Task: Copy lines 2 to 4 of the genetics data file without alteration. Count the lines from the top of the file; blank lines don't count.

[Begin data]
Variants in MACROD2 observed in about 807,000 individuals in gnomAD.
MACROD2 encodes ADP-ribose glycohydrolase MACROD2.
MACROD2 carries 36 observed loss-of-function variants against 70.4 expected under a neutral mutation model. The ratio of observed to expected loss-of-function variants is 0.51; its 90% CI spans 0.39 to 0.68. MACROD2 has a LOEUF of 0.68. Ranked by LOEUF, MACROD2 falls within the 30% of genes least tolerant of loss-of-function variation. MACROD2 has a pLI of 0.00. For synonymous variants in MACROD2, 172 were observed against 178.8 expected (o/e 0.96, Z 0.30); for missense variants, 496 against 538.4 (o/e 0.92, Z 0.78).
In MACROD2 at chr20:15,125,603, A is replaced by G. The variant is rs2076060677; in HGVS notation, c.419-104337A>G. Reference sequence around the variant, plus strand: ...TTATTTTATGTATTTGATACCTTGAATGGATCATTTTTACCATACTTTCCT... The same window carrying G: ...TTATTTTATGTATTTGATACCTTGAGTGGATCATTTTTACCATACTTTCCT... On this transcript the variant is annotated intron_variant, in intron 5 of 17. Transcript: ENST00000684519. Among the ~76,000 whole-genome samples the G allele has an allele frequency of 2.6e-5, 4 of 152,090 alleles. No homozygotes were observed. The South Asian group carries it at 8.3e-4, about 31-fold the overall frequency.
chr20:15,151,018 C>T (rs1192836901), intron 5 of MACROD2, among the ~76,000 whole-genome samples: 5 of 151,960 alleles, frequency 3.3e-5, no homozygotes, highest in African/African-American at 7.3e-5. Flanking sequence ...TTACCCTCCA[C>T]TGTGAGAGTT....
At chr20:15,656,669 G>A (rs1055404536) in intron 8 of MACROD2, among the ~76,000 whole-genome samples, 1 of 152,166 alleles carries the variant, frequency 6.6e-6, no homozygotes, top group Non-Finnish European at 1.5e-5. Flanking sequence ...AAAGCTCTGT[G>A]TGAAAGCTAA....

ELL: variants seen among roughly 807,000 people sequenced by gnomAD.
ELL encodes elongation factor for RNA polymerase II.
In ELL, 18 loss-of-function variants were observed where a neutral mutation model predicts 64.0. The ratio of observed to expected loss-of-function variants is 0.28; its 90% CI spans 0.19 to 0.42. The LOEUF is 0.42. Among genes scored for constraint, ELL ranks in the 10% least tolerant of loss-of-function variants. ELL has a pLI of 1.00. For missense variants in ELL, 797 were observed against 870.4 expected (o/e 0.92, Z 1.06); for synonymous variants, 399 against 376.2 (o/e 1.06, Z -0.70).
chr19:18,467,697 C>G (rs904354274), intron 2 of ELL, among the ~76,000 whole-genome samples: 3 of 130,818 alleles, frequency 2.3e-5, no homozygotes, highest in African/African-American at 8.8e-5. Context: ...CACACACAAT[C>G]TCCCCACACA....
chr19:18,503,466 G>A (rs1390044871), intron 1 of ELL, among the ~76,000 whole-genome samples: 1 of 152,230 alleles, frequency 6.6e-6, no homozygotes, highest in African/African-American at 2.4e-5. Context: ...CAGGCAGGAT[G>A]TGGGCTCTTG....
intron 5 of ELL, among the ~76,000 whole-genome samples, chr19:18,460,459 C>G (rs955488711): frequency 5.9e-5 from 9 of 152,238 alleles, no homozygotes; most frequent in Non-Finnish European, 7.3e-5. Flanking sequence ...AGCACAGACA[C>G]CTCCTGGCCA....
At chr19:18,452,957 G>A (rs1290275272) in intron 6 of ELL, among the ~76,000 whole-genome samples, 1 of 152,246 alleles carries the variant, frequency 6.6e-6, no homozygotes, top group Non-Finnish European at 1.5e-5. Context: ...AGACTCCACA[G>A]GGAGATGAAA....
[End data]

MACROD2 encodes ADP-ribose glycohydrolase MACROD2.
MACROD2 carries 36 observed loss-of-function variants against 70.4 expected under a neutral mutation model. The ratio of observed to expected loss-of-function variants is 0.51; its 90% CI spans 0.39 to 0.68. MACROD2 has a LOEUF of 0.68. Ranked by LOEUF, MACROD2 falls within the 30% of genes least tolerant of loss-of-function variation. MACROD2 has a pLI of 0.00. For synonymous variants in MACROD2, 172 were observed against 178.8 expected (o/e 0.96, Z 0.30); for missense variants, 496 against 538.4 (o/e 0.92, Z 0.78).
In MACROD2 at chr20:15,125,603, A is replaced by G. The variant is rs2076060677; in HGVS notation, c.419-104337A>G. Reference sequence around the variant, plus strand: ...TTATTTTATGTATTTGATACCTTGAATGGATCATTTTTACCATACTTTCCT... The same window carrying G: ...TTATTTTATGTATTTGATACCTTGAGTGGATCATTTTTACCATACTTTCCT... On this transcript the variant is annotated intron_variant, in intron 5 of 17. Transcript: ENST00000684519. Among the ~76,000 whole-genome samples the G allele has an allele frequency of 2.6e-5, 4 of 152,090 alleles. No homozygotes were observed. The South Asian group carries it at 8.3e-4, about 31-fold the overall frequency.